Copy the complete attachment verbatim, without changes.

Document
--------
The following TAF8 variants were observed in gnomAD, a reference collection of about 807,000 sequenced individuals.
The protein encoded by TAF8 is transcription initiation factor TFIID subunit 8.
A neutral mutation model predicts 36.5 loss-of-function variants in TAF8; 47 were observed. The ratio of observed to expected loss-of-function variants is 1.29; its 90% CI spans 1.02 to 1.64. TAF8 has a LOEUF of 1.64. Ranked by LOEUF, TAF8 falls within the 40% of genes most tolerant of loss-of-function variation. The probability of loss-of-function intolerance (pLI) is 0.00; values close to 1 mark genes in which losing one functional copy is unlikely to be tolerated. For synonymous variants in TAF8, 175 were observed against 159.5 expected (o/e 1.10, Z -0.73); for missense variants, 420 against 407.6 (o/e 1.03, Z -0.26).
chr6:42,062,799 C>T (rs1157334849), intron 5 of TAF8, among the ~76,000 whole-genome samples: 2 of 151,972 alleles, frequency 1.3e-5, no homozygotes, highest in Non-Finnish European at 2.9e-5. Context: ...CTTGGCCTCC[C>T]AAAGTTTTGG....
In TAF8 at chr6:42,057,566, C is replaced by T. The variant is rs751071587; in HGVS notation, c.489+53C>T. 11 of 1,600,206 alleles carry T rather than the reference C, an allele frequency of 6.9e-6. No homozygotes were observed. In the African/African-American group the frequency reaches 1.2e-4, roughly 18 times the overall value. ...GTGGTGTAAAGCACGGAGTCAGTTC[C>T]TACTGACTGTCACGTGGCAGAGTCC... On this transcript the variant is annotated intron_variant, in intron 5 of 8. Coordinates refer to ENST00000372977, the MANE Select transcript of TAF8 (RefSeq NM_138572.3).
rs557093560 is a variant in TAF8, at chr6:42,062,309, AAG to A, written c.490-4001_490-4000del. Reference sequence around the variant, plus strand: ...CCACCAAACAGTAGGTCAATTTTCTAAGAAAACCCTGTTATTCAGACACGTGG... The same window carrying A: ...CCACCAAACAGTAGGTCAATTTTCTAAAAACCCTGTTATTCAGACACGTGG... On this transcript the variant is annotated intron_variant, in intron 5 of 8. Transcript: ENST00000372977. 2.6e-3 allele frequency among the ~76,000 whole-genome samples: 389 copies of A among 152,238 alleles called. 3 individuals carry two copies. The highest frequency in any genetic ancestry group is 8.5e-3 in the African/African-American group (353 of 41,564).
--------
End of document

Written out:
The following TAF8 variants were observed in gnomAD, a reference collection of about 807,000 sequenced individuals.
The protein encoded by TAF8 is transcription initiation factor TFIID subunit 8.
A neutral mutation model predicts 36.5 loss-of-function variants in TAF8; 47 were observed. The ratio of observed to expected loss-of-function variants is 1.29; its 90% CI spans 1.02 to 1.64. TAF8 has a LOEUF of 1.64. Ranked by LOEUF, TAF8 falls within the 40% of genes most tolerant of loss-of-function variation. The probability of loss-of-function intolerance (pLI) is 0.00; values close to 1 mark genes in which losing one functional copy is unlikely to be tolerated. For synonymous variants in TAF8, 175 were observed against 159.5 expected (o/e 1.10, Z -0.73); for missense variants, 420 against 407.6 (o/e 1.03, Z -0.26).
chr6:42,062,799 C>T (rs1157334849), intron 5 of TAF8, among the ~76,000 whole-genome samples: 2 of 151,972 alleles, frequency 1.3e-5, no homozygotes, highest in Non-Finnish European at 2.9e-5. Context: ...CTTGGCCTCC[C>T]AAAGTTTTGG....
In TAF8 at chr6:42,057,566, C is replaced by T. The variant is rs751071587; in HGVS notation, c.489+53C>T. 11 of 1,600,206 alleles carry T rather than the reference C, an allele frequency of 6.9e-6. No homozygotes were observed. In the African/African-American group the frequency reaches 1.2e-4, roughly 18 times the overall value. ...GTGGTGTAAAGCACGGAGTCAGTTC[C>T]TACTGACTGTCACGTGGCAGAGTCC... On this transcript the variant is annotated intron_variant, in intron 5 of 8. Coordinates refer to ENST00000372977, the MANE Select transcript of TAF8 (RefSeq NM_138572.3).
rs557093560 is a variant in TAF8, at chr6:42,062,309, AAG to A, written c.490-4001_490-4000del. Reference sequence around the variant, plus strand: ...CCACCAAACAGTAGGTCAATTTTCTAAGAAAACCCTGTTATTCAGACACGTGG... The same window carrying A: ...CCACCAAACAGTAGGTCAATTTTCTAAAAACCCTGTTATTCAGACACGTGG... On this transcript the variant is annotated intron_variant, in intron 5 of 8. Transcript: ENST00000372977. 2.6e-3 allele frequency among the ~76,000 whole-genome samples: 389 copies of A among 152,238 alleles called. 3 individuals carry two copies. The highest frequency in any genetic ancestry group is 8.5e-3 in the African/African-American group (353 of 41,564).